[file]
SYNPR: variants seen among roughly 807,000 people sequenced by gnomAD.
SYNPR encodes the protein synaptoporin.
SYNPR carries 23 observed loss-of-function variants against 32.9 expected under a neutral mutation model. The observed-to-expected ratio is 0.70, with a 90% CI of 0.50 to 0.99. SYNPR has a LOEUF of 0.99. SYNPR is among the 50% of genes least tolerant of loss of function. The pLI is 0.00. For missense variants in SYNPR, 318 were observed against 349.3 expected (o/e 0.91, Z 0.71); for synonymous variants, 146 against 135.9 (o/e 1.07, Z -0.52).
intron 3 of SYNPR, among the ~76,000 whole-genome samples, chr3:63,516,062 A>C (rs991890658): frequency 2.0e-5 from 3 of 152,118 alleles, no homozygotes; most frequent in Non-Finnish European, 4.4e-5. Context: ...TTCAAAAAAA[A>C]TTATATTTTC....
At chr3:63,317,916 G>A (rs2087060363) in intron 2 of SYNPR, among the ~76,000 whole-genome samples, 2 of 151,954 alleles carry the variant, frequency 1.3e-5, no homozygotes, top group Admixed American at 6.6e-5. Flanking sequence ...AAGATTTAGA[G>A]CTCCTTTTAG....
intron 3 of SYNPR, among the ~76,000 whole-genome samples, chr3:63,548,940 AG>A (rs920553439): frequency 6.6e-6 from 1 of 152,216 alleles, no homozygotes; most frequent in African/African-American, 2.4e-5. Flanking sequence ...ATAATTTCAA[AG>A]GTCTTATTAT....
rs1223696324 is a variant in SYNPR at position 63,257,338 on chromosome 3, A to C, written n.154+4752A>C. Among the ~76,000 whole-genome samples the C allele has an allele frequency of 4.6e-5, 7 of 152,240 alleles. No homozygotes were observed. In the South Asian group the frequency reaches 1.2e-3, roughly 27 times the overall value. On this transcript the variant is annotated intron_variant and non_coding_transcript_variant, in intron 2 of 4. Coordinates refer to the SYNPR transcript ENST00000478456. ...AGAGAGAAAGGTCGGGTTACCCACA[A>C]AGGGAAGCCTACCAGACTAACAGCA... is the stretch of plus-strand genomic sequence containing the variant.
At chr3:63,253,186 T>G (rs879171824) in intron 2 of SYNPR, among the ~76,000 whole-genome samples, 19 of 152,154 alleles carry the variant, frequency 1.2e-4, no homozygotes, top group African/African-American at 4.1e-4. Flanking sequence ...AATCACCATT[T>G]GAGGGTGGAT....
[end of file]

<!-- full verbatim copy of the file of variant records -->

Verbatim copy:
SYNPR: variants seen among roughly 807,000 people sequenced by gnomAD.
SYNPR encodes the protein synaptoporin.
SYNPR carries 23 observed loss-of-function variants against 32.9 expected under a neutral mutation model. The observed-to-expected ratio is 0.70, with a 90% CI of 0.50 to 0.99. SYNPR has a LOEUF of 0.99. SYNPR is among the 50% of genes least tolerant of loss of function. The pLI is 0.00. For missense variants in SYNPR, 318 were observed against 349.3 expected (o/e 0.91, Z 0.71); for synonymous variants, 146 against 135.9 (o/e 1.07, Z -0.52).
intron 3 of SYNPR, among the ~76,000 whole-genome samples, chr3:63,516,062 A>C (rs991890658): frequency 2.0e-5 from 3 of 152,118 alleles, no homozygotes; most frequent in Non-Finnish European, 4.4e-5. Context: ...TTCAAAAAAA[A>C]TTATATTTTC....
At chr3:63,317,916 G>A (rs2087060363) in intron 2 of SYNPR, among the ~76,000 whole-genome samples, 2 of 151,954 alleles carry the variant, frequency 1.3e-5, no homozygotes, top group Admixed American at 6.6e-5. Flanking sequence ...AAGATTTAGA[G>A]CTCCTTTTAG....
intron 3 of SYNPR, among the ~76,000 whole-genome samples, chr3:63,548,940 AG>A (rs920553439): frequency 6.6e-6 from 1 of 152,216 alleles, no homozygotes; most frequent in African/African-American, 2.4e-5. Flanking sequence ...ATAATTTCAA[AG>A]GTCTTATTAT....
rs1223696324 is a variant in SYNPR at position 63,257,338 on chromosome 3, A to C, written n.154+4752A>C. Among the ~76,000 whole-genome samples the C allele has an allele frequency of 4.6e-5, 7 of 152,240 alleles. No homozygotes were observed. In the South Asian group the frequency reaches 1.2e-3, roughly 27 times the overall value. On this transcript the variant is annotated intron_variant and non_coding_transcript_variant, in intron 2 of 4. Coordinates refer to the SYNPR transcript ENST00000478456. ...AGAGAGAAAGGTCGGGTTACCCACA[A>C]AGGGAAGCCTACCAGACTAACAGCA... is the stretch of plus-strand genomic sequence containing the variant.
At chr3:63,253,186 T>G (rs879171824) in intron 2 of SYNPR, among the ~76,000 whole-genome samples, 19 of 152,154 alleles carry the variant, frequency 1.2e-4, no homozygotes, top group African/African-American at 4.1e-4. Flanking sequence ...AATCACCATT[T>G]GAGGGTGGAT....